Spirituality seems to be linked to better relationships, a sense of life purpose, a sense of being part of something greater, and a feeling of connection to others, the planet or even the universe, hence not feeling isolated.
Spirituality can also help us take responsibility for our actions and to be a little more philosophical about what lessons might be learnt from any challenges we are facing.
We may also reflect on the fact that nothing or no one can make us feel stressed - it is our choice how we react to any given situation.
We also need to ask ourselves whether the stressor really has the ability to impact our lives in a substantial way. If it does not, then should we really worry that much about the problem?
This saying from the Serenity Prayer is good advice, so act accordingly: "God grant me the serenity to accept the things I cannot change;
courage to change the things I can; and wisdom to know the difference."
Our attitude has a massive impact on our stress levels so when stressed we should try to reflect on things we can be grateful for, such as family, friends, nature or recent achievements.
Esther, Jerry and Abraham Hicks, have the following advice in their bestselling book Ask and it is Given (Page 114)
"Our thoughts control our life
"We control our thoughts with our emotions
"Our emotions tell us how well we are controlling our thoughts.
"This is how we create the life we have right now."
According to Abraham-Hicks, there are 22 emotional levels that have their own distinct energy vibration. They range from fear/grief/depression/despair/powerlessness at the lowest level, rising through many familiar states such as jealousy, anger, doubt and pessimism until reaching the higher states of hopefulness and optimism and ultimately joy, empowerment and love.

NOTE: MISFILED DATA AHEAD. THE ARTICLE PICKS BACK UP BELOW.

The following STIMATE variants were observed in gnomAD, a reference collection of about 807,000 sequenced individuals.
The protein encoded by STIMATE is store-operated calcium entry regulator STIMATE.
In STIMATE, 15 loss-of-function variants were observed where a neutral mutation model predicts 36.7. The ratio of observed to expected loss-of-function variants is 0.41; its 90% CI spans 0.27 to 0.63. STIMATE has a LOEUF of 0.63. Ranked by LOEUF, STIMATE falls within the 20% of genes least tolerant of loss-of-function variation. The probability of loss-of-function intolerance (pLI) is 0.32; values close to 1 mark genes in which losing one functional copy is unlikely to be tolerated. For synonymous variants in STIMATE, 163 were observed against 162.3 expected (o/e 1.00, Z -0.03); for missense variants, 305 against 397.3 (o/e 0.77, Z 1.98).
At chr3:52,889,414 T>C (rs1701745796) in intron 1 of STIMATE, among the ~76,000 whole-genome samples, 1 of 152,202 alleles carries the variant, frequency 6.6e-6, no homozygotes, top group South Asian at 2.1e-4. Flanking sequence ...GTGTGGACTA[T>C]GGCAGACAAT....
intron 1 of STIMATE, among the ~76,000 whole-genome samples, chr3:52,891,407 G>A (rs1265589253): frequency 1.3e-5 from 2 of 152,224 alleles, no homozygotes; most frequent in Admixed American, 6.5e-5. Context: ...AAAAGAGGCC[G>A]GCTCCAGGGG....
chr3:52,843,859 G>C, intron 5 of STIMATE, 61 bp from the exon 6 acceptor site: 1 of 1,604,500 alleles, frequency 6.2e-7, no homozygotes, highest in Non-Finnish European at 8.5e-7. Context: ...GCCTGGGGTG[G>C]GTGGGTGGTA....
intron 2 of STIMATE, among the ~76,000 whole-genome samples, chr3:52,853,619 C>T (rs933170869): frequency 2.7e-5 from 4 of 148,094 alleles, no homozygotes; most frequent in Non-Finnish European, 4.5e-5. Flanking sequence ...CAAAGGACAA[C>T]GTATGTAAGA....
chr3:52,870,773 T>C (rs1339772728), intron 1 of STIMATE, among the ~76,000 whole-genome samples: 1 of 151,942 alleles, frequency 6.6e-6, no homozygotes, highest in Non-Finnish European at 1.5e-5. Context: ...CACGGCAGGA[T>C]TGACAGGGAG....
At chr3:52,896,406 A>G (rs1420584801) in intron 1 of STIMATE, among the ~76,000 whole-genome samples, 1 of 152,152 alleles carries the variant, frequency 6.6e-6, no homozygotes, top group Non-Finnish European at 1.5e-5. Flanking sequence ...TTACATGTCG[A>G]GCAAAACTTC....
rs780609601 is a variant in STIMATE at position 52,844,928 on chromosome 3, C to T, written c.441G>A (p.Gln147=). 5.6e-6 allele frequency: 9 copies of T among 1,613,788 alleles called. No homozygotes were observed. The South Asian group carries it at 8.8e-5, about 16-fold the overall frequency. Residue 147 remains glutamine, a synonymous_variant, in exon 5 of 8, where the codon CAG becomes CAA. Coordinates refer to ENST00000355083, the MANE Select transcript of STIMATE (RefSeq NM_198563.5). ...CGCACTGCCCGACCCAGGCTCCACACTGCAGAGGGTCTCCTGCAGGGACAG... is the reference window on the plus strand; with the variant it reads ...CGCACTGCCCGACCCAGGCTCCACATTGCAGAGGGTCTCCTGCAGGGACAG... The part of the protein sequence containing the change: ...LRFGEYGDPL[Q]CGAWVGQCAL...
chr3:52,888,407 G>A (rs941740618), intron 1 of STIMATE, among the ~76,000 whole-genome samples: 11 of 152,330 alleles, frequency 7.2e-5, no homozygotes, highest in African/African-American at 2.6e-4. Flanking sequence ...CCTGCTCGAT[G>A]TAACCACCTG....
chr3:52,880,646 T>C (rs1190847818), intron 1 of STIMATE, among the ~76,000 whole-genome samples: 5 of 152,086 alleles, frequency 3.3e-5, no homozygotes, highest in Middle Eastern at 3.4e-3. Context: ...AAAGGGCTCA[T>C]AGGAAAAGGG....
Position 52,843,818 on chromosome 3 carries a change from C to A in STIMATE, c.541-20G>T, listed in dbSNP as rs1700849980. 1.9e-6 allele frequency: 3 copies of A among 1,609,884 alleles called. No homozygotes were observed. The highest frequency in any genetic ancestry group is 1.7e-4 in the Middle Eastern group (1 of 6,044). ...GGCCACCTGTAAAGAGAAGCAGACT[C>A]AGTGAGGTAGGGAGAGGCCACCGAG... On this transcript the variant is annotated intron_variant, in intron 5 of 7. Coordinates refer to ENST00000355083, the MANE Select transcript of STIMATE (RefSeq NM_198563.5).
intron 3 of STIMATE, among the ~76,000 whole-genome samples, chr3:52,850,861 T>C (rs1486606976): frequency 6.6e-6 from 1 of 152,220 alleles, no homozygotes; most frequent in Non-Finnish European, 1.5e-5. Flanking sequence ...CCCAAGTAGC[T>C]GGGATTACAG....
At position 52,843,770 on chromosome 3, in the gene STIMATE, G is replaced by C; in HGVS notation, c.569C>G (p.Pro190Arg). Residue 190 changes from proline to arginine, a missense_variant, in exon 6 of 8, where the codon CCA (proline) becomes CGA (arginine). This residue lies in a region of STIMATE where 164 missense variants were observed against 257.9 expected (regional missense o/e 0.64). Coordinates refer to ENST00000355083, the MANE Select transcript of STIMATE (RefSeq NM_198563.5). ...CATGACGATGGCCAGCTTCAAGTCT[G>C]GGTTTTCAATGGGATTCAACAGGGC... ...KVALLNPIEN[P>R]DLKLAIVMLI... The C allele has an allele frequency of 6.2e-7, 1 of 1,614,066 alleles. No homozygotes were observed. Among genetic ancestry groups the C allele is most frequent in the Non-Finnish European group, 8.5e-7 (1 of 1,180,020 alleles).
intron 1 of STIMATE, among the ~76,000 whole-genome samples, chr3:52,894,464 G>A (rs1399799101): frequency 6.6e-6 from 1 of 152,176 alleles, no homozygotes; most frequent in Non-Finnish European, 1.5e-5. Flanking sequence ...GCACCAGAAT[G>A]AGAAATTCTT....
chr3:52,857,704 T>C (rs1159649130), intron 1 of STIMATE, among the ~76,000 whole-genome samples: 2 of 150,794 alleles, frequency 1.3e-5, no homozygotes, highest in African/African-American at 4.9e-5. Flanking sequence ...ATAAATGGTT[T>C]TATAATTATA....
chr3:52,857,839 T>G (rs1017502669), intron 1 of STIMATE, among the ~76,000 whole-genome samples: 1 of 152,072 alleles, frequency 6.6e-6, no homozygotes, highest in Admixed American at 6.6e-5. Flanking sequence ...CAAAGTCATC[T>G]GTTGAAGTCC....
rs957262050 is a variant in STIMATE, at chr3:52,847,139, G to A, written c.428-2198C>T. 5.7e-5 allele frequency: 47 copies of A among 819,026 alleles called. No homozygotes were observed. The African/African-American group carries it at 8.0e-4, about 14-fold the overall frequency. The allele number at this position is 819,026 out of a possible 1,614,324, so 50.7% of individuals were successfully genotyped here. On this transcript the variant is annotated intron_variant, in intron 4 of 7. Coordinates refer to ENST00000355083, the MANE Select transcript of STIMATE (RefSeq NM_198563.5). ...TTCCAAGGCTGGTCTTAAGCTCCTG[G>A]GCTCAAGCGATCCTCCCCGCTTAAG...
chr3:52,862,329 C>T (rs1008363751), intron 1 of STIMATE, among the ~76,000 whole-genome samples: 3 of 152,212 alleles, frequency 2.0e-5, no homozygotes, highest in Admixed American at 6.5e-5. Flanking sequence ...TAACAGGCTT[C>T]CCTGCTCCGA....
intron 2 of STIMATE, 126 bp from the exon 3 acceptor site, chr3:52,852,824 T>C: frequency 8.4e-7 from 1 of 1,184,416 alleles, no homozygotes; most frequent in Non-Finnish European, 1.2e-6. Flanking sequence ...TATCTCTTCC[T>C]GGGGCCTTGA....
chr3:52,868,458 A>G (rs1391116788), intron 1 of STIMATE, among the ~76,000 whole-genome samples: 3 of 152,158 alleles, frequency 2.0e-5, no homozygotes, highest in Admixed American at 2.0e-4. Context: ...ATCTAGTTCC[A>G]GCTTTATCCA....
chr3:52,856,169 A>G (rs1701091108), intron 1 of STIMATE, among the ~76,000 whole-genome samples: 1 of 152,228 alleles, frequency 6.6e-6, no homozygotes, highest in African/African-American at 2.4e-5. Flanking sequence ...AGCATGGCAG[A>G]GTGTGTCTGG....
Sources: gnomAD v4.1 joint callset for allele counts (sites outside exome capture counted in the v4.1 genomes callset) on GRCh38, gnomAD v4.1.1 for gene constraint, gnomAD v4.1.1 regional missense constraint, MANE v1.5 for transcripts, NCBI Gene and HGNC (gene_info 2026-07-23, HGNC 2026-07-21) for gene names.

Say Abraham-Hicks, "Our job is to keep working our way up the emotional scale until we get to a level six (feeling hopeful) or better.
"Once we are feeling anything from hopeful to joyful, we are vibrating at a high enough level to manifest (make real) our wishes and desires (thereby reducing our stress).
"While we are in the higher vibrational levels, nothing unpleasant can come into our experience, because like things attract like things in this energy world."
They suggest as a way of reducing stress to identify your current position on the scale and then create thoughts about how it would feel to be at the next level above your current emotional condition.
As your thoughts create new feelings associated with that higher emotion, you can gradually work your way upward to be in a position to change your current situation by using your positive thoughts and imagination.
As parents, I'd like to suggest we use a combination of methods, such as visualising good outcomes, monitoring our vibrational levels and following these simple stress reduction methods I've mentioned in order to help our children and ourselves cope with the start of another year full of challenges, yes, but also opportunities.
Wendy Colgrove is a life and business coach